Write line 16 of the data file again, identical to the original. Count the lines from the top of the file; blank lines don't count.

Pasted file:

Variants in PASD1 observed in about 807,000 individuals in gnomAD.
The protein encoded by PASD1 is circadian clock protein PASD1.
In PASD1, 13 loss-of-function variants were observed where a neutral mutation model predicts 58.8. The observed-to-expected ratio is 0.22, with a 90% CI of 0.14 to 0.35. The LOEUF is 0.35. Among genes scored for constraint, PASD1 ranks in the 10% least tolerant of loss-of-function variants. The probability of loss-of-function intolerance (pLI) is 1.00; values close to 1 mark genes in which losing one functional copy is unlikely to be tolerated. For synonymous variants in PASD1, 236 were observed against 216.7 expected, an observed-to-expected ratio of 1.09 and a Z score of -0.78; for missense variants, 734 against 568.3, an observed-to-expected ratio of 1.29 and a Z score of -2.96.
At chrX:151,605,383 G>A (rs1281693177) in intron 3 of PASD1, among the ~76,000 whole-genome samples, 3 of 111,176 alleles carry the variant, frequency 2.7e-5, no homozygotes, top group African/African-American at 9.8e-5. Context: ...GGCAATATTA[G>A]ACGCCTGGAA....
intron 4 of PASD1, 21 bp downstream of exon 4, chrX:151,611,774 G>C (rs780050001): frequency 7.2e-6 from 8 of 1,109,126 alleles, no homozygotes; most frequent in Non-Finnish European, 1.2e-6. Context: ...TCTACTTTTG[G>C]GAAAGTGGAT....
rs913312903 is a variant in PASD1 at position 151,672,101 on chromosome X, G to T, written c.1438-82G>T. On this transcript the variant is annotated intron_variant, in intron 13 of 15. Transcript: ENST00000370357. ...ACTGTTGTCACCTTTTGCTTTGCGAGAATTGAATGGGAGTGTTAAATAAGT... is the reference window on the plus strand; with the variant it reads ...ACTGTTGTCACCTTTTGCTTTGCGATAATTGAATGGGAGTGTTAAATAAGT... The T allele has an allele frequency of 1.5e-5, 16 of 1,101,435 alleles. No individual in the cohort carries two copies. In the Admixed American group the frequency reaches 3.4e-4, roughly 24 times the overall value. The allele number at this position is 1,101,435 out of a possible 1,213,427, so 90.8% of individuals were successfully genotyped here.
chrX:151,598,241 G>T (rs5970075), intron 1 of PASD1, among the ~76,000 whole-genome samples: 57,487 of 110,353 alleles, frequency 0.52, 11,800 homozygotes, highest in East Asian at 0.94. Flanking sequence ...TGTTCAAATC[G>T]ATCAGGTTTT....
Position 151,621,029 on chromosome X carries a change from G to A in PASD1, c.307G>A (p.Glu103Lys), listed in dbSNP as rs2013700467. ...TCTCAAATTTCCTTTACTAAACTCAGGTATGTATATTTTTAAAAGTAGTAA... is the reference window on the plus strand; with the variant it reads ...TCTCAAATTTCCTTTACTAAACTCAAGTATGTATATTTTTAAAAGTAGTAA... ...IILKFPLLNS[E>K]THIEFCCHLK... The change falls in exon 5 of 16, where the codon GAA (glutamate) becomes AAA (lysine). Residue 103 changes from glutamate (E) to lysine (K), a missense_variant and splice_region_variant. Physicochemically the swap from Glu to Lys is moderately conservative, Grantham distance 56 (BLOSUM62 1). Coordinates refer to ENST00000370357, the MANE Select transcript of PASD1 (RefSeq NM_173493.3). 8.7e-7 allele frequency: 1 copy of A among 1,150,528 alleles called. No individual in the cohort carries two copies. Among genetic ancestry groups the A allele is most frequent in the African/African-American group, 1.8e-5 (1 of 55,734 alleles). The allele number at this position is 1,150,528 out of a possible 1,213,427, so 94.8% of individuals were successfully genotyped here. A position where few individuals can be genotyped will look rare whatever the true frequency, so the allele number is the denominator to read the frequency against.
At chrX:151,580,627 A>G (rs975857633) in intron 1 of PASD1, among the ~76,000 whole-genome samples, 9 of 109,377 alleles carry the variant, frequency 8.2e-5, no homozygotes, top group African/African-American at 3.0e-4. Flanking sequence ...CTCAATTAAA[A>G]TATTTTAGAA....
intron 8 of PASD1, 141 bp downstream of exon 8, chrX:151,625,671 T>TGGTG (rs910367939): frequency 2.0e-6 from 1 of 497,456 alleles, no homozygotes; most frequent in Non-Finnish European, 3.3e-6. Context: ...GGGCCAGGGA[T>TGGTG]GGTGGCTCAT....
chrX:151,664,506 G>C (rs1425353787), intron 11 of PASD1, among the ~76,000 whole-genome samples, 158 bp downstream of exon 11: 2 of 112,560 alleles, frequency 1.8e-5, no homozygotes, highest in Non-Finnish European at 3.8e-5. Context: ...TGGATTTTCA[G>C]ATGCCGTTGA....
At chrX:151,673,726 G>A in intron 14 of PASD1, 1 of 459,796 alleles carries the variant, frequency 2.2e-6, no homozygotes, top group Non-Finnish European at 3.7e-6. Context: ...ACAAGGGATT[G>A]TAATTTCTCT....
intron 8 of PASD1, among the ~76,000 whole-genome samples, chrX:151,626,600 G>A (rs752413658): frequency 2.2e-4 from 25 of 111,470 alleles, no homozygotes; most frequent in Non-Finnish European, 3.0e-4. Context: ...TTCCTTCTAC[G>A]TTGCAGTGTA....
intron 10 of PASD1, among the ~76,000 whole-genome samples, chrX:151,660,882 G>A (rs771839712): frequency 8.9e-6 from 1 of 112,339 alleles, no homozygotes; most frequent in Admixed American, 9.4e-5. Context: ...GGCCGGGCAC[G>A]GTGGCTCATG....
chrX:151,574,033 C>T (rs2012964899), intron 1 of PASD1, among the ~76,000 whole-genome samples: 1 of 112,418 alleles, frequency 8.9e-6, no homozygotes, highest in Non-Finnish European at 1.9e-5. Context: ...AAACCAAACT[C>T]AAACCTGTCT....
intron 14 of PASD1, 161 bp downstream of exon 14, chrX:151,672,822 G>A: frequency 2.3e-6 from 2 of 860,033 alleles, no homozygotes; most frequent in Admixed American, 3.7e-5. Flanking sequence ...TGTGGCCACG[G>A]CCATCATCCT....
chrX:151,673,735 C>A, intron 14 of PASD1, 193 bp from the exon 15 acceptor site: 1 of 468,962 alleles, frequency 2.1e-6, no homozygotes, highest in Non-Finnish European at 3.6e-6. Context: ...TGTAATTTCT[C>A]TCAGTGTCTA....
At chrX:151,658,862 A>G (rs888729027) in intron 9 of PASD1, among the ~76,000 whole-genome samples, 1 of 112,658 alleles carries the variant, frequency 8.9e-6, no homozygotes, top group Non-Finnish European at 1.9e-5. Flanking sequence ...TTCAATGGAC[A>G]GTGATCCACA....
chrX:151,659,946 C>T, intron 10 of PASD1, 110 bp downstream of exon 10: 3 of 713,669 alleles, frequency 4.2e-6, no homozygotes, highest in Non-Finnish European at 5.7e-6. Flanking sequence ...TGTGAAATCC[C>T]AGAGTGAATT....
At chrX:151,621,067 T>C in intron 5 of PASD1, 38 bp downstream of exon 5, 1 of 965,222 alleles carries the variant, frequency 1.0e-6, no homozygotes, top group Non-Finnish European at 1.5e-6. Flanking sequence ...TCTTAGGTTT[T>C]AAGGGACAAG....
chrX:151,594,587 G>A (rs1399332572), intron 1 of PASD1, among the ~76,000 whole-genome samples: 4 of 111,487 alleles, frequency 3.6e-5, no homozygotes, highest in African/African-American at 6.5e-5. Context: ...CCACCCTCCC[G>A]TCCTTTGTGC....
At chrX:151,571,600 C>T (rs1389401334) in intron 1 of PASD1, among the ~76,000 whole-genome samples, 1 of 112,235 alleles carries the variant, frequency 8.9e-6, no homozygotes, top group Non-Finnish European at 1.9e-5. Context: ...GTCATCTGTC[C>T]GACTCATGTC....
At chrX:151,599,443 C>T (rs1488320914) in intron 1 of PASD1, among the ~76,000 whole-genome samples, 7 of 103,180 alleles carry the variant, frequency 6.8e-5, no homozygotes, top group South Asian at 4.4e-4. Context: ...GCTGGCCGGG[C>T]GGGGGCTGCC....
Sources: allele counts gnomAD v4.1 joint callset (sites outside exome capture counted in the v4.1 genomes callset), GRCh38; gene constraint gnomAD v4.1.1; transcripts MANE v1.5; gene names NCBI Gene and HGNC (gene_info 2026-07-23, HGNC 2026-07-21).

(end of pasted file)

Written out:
intron 14 of PASD1, 161 bp downstream of exon 14, chrX:151,672,822 G>A: frequency 2.3e-6 from 2 of 860,033 alleles, no homozygotes; most frequent in Admixed American, 3.7e-5. Flanking sequence ...TGTGGCCACG[G>A]CCATCATCCT....